In New Jersey, voters will also find a host of women on the ballot. According to The Record, 78 women, 31 Republicans and 47 Democrats, are running for the legislature– a high for the state, and an increase from 46 women candidates in 2015.
Voters will be selecting a new governor, choosing between Republican Lt. Gov. Kim Guadagno and Democrat Phil Murphy, who is leading the polls. Some of the other, more dramatic races include one between incumbent Republican State Senator Jennifer Beck and Democratic challenger Vin Gopal for the seat representing the 11th district, which has made headlines for the large sums of money both campaigns have spent. And the two-woman Senate race in the state’s 14th district between Linda Greenstein, the Democratic incumbent, and Ileana Schirmer, the Republican challenger, is said to be especially close.
On the other side of the country, Dr. Kathie Allen, a family physician, is running for Congress as the Democratic nominee in a special election in a reliably Republican district. She launched her campaign last year as a challenge to Rep. Jason Chaffetz, before he resigned earlier this year. She now faces Republican Bill Curtis. Meanwhile, history could be made by Michelle Darnell, who is running for a seat in the Washington state legislature. She would be the first Libertarian ever elected there if she wins.
A number of mayorships around the nation are also up for grabs. Democrat Vi Lyles is in the running in Charlotte, N.C., while in Minneapolis, incumbent Betsy Hodges and contender Nekima Levy-Pounds are in the ring, along with 14 other hopefuls. In Seattle, the battle is between Nikkita Oliver, Cary Moon and Jenny Durkan, the first openly gay U.S. attorney ever appointed. And in New York City, voters will choose between Republican assemblywoman Nicole Malliotakis and Democratic incumbent Bill de Blasio.
The Importance of Local Races
Women are running races for many more, albeit lower-profile offices, hoping to make change, like those seeking to join Greenwich’s RTM. City and town councils, judgeships, school boards and other local governing bodies may not attract the attention of the national press, but the people in these positions make decisions that affect the lives of constituents all the same.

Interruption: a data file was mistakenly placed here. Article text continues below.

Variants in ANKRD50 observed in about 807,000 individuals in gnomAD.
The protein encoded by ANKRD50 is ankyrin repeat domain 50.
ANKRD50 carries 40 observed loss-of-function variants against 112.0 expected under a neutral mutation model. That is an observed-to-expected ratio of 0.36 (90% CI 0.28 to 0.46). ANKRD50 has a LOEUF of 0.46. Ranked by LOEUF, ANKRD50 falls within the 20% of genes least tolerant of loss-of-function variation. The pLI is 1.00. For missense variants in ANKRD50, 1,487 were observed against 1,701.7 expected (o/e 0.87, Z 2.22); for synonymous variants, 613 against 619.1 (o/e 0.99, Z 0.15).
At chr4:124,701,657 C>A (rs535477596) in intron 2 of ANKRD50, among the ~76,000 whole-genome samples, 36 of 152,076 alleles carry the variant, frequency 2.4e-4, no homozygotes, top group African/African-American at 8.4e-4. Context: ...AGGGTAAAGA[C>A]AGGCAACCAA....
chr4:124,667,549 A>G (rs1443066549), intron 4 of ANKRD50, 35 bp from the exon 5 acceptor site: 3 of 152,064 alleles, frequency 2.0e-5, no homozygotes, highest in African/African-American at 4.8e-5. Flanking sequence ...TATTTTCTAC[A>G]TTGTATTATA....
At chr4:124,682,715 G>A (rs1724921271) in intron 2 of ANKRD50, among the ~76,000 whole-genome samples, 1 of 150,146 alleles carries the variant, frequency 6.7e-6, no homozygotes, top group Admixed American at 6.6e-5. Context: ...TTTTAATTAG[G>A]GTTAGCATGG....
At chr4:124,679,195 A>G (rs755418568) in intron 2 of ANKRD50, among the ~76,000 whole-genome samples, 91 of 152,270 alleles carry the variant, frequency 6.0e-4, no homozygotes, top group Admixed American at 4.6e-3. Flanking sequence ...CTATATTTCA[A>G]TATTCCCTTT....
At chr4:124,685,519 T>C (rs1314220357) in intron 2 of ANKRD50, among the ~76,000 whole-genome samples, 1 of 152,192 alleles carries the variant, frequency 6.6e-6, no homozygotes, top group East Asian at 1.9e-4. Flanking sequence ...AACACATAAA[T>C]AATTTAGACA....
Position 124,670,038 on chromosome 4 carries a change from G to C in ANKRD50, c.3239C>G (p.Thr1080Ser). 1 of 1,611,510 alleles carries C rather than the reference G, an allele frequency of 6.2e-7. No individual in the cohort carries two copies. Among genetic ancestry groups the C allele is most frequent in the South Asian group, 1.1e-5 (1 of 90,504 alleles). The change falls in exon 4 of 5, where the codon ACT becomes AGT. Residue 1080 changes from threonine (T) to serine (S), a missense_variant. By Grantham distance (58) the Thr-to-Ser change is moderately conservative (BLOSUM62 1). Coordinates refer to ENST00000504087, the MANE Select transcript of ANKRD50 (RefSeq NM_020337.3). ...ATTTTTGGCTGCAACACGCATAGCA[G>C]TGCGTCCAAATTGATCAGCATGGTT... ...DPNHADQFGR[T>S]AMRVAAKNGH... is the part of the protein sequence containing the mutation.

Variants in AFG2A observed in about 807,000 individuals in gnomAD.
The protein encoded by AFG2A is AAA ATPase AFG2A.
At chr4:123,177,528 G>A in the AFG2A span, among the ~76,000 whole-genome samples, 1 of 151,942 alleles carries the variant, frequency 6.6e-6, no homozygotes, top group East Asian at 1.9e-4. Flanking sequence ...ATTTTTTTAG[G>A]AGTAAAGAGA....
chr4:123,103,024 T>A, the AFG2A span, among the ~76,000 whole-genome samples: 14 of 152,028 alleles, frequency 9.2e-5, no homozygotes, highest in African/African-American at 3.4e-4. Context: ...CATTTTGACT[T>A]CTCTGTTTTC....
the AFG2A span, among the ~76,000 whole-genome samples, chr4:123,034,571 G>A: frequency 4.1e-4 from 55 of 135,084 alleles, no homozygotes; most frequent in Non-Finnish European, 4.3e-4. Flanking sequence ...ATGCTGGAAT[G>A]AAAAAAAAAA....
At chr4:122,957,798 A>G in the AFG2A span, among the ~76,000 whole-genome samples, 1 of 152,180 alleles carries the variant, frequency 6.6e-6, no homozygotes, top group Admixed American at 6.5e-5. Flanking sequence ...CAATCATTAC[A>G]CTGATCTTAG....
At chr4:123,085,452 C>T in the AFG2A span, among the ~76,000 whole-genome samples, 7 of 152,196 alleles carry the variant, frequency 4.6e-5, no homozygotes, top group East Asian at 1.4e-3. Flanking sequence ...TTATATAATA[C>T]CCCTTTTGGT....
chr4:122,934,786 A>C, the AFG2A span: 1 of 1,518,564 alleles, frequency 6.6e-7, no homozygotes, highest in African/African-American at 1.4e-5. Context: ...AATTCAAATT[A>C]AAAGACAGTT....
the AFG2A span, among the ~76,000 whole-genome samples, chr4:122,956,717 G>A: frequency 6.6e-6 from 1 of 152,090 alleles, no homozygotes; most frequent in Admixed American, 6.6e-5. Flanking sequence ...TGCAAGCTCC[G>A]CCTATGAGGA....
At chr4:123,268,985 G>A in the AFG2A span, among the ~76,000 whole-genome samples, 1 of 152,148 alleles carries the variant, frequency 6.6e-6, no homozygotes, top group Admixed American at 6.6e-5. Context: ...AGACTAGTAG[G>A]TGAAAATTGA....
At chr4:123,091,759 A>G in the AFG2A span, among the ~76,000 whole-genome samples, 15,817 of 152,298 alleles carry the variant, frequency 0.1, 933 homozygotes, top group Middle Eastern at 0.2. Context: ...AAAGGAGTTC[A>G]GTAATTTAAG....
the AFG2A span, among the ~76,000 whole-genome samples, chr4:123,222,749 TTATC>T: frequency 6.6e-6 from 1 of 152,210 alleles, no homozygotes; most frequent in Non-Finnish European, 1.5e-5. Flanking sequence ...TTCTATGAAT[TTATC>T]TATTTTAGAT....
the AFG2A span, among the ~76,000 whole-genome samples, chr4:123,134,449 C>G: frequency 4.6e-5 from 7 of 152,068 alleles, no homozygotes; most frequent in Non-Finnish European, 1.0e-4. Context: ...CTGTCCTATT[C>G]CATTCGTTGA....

Heidi Sieck, co-founder #VoteProChoice, a grassroots abortion-rights organization, spoke with us on the sidelines of the Women’s Convention about the importance of local races on people’s lives. “If we want to create systemic change, we … need to be electing leaders that can lead systemic change,” she said. Local officials “are the people that are going to actually make the decisions.”
Sieck’s organization is lending aid by coordinating on-the-ground canvassing and texts and calls in support of candidates including Sophia Hawes-Tingey, a transgender woman mayoral candidate in Midvale, Utah, and Judge Ellen Ceisler, who is running for a seat on the Commonwealth Court of Pennsylvania.
At the convention, Rep. Debbie Dingell, Democrat of Michigan, urged the crowd attending her keynote address to get involved.” Now is the time to be smart and take that energy and passion we had in January and turn it into action with results,” she said, “Our power comes in coming together.”
Of course, not all of the women on the ballot on Tuesday will win, regardless of how mobilized their voter bases are. For those who do not succeed this time, Kelly Dittmar of Rutgers’ CAWP, speaking at the conference, offered some simple advice: Run again.
For more information on women in 2017’s bigger races, see CAWP’s list, and for more on local races, the U.S. government offers a searchable database. To see who’s on the ballot where you live, use Ballotpedia’s search tool to view a sample ballot. And, for women who are considering running for office, help is available from organizations like Emily’s List, Emerge America, VoteRunLead and She Should Run.
In the coming weeks, we will be sharing in-depth coverage of women running for office in 2018, and the organizations that are helping them. We’ll be following a number of races all year, up to Election Day 2018, so be sure to check back often for updates.